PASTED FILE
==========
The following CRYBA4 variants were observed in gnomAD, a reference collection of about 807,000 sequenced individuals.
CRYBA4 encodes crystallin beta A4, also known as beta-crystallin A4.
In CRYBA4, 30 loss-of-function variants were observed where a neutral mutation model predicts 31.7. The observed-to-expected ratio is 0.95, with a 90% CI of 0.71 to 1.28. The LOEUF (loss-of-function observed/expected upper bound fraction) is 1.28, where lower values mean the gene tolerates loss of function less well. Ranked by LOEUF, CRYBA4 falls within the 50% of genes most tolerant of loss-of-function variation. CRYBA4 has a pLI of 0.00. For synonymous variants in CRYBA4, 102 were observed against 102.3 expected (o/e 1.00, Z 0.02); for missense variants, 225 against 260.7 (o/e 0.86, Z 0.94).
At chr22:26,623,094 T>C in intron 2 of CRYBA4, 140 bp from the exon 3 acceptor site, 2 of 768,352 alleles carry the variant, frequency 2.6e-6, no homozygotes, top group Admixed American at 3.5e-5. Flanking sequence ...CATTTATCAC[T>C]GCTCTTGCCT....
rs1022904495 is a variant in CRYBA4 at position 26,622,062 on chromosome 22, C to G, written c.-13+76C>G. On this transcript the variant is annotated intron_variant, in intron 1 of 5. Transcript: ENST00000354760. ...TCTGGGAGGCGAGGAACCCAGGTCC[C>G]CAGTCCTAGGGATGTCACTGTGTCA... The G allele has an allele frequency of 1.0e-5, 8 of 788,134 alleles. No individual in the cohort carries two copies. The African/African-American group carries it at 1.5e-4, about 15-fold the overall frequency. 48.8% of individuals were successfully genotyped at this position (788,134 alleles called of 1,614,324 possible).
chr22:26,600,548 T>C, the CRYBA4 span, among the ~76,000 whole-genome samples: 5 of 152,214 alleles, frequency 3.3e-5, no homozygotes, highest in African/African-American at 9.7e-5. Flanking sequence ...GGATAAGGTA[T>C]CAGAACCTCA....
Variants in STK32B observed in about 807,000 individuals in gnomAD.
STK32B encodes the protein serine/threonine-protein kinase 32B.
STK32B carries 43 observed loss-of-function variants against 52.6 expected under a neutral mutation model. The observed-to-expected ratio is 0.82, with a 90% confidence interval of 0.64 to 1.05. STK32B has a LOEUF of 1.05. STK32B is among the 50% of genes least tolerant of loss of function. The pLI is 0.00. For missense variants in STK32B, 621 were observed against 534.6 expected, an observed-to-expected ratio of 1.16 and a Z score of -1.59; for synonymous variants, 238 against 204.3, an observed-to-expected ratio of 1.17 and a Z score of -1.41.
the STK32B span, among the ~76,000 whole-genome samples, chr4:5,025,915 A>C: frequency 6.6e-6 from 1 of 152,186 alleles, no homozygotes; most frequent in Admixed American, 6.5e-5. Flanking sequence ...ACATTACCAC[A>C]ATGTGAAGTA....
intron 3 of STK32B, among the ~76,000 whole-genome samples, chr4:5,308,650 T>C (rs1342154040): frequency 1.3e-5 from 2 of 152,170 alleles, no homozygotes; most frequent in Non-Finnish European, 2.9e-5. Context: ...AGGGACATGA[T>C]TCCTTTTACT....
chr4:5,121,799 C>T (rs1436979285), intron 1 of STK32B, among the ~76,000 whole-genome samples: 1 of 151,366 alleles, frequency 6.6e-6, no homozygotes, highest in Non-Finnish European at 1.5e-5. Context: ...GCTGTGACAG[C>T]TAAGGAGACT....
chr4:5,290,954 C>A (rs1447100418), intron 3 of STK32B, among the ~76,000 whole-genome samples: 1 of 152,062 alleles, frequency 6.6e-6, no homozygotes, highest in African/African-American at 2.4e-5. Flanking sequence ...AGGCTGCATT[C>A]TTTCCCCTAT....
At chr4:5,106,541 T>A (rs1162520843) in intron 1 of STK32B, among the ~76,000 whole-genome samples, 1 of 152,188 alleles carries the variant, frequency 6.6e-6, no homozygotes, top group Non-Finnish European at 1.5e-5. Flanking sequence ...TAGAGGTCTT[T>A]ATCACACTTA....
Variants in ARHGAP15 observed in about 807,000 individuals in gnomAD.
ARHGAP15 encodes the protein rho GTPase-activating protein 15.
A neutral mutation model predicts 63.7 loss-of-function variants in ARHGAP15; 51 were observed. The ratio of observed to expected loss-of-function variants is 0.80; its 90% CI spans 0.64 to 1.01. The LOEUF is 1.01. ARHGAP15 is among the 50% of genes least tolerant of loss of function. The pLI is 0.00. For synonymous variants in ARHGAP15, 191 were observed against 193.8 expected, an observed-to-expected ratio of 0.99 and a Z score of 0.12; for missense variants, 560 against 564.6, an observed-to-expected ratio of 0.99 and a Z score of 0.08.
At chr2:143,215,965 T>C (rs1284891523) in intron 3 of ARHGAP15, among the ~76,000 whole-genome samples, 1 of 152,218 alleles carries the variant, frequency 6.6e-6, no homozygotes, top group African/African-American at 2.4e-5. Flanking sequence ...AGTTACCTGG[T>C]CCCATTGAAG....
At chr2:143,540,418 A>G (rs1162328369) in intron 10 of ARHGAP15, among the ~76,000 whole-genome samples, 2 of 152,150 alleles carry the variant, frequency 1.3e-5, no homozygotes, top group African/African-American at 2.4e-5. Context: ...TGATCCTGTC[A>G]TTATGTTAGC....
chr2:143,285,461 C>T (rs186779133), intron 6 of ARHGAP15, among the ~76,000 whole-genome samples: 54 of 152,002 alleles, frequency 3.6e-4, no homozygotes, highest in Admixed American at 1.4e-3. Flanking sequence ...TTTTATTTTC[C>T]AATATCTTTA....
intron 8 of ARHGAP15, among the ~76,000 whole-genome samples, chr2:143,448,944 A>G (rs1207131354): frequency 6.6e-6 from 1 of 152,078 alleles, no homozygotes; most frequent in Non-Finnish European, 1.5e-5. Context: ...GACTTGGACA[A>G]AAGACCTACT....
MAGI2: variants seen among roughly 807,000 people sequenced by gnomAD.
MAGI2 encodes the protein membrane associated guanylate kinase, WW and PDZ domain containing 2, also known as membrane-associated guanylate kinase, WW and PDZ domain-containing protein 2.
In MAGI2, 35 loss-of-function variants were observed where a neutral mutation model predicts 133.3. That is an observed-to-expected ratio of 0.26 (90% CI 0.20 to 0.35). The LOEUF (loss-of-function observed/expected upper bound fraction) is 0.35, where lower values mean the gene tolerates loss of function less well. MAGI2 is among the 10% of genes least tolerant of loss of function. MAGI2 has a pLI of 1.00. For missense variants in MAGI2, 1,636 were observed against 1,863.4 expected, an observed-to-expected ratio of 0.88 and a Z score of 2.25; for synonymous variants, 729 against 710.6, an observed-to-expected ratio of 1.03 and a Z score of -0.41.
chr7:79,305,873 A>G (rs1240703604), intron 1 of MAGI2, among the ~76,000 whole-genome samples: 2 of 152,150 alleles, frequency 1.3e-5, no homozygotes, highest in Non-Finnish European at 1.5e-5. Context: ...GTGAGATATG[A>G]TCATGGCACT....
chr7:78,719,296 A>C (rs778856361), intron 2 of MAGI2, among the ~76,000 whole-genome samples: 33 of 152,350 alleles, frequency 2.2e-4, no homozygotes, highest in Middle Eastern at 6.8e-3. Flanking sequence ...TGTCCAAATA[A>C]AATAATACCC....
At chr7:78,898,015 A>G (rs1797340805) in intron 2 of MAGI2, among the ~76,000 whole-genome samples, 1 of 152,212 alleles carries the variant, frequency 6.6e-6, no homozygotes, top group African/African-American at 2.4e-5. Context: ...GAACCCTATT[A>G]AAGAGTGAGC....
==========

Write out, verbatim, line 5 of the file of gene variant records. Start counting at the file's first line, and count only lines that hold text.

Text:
rs1022904495 is a variant in CRYBA4 at position 26,622,062 on chromosome 22, C to G, written c.-13+76C>G. On this transcript the variant is annotated intron_variant, in intron 1 of 5. Transcript: ENST00000354760. ...TCTGGGAGGCGAGGAACCCAGGTCC[C>G]CAGTCCTAGGGATGTCACTGTGTCA... The G allele has an allele frequency of 1.0e-5, 8 of 788,134 alleles. No individual in the cohort carries two copies. The African/African-American group carries it at 1.5e-4, about 15-fold the overall frequency. 48.8% of individuals were successfully genotyped at this position (788,134 alleles called of 1,614,324 possible).